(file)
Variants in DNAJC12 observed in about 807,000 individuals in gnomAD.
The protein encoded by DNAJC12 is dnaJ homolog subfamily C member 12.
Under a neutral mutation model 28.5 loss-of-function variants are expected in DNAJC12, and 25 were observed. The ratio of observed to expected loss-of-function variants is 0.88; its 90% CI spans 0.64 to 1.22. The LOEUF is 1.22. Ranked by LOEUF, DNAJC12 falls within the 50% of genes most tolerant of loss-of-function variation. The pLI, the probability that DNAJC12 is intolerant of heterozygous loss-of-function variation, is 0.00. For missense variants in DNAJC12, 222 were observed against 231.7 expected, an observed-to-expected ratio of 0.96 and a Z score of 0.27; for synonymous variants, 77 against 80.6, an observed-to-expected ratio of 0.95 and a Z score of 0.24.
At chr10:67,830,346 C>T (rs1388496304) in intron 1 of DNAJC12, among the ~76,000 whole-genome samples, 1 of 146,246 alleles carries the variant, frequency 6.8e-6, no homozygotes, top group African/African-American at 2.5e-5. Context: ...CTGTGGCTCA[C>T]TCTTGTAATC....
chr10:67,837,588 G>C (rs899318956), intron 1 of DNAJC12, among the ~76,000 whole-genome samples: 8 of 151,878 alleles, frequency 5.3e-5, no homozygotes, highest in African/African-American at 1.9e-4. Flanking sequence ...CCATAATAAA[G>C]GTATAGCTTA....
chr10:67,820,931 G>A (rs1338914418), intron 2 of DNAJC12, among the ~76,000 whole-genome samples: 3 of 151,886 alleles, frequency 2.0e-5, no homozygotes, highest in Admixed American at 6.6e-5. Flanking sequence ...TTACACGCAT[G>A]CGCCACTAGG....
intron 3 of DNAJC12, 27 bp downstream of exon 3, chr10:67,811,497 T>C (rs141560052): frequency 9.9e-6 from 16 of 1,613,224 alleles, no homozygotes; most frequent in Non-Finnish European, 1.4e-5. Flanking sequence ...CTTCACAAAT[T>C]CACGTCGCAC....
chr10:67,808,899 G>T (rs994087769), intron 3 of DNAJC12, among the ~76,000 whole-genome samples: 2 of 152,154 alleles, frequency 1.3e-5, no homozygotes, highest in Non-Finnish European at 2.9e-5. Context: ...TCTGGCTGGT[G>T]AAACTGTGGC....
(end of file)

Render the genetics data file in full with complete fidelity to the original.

Variants in DNAJC12 observed in about 807,000 individuals in gnomAD.
The protein encoded by DNAJC12 is dnaJ homolog subfamily C member 12.
Under a neutral mutation model 28.5 loss-of-function variants are expected in DNAJC12, and 25 were observed. The ratio of observed to expected loss-of-function variants is 0.88; its 90% CI spans 0.64 to 1.22. The LOEUF is 1.22. Ranked by LOEUF, DNAJC12 falls within the 50% of genes most tolerant of loss-of-function variation. The pLI, the probability that DNAJC12 is intolerant of heterozygous loss-of-function variation, is 0.00. For missense variants in DNAJC12, 222 were observed against 231.7 expected, an observed-to-expected ratio of 0.96 and a Z score of 0.27; for synonymous variants, 77 against 80.6, an observed-to-expected ratio of 0.95 and a Z score of 0.24.
At chr10:67,830,346 C>T (rs1388496304) in intron 1 of DNAJC12, among the ~76,000 whole-genome samples, 1 of 146,246 alleles carries the variant, frequency 6.8e-6, no homozygotes, top group African/African-American at 2.5e-5. Context: ...CTGTGGCTCA[C>T]TCTTGTAATC....
chr10:67,837,588 G>C (rs899318956), intron 1 of DNAJC12, among the ~76,000 whole-genome samples: 8 of 151,878 alleles, frequency 5.3e-5, no homozygotes, highest in African/African-American at 1.9e-4. Flanking sequence ...CCATAATAAA[G>C]GTATAGCTTA....
chr10:67,820,931 G>A (rs1338914418), intron 2 of DNAJC12, among the ~76,000 whole-genome samples: 3 of 151,886 alleles, frequency 2.0e-5, no homozygotes, highest in Admixed American at 6.6e-5. Flanking sequence ...TTACACGCAT[G>A]CGCCACTAGG....
intron 3 of DNAJC12, 27 bp downstream of exon 3, chr10:67,811,497 T>C (rs141560052): frequency 9.9e-6 from 16 of 1,613,224 alleles, no homozygotes; most frequent in Non-Finnish European, 1.4e-5. Flanking sequence ...CTTCACAAAT[T>C]CACGTCGCAC....
chr10:67,808,899 G>T (rs994087769), intron 3 of DNAJC12, among the ~76,000 whole-genome samples: 2 of 152,154 alleles, frequency 1.3e-5, no homozygotes, highest in Non-Finnish European at 2.9e-5. Context: ...TCTGGCTGGT[G>T]AAACTGTGGC....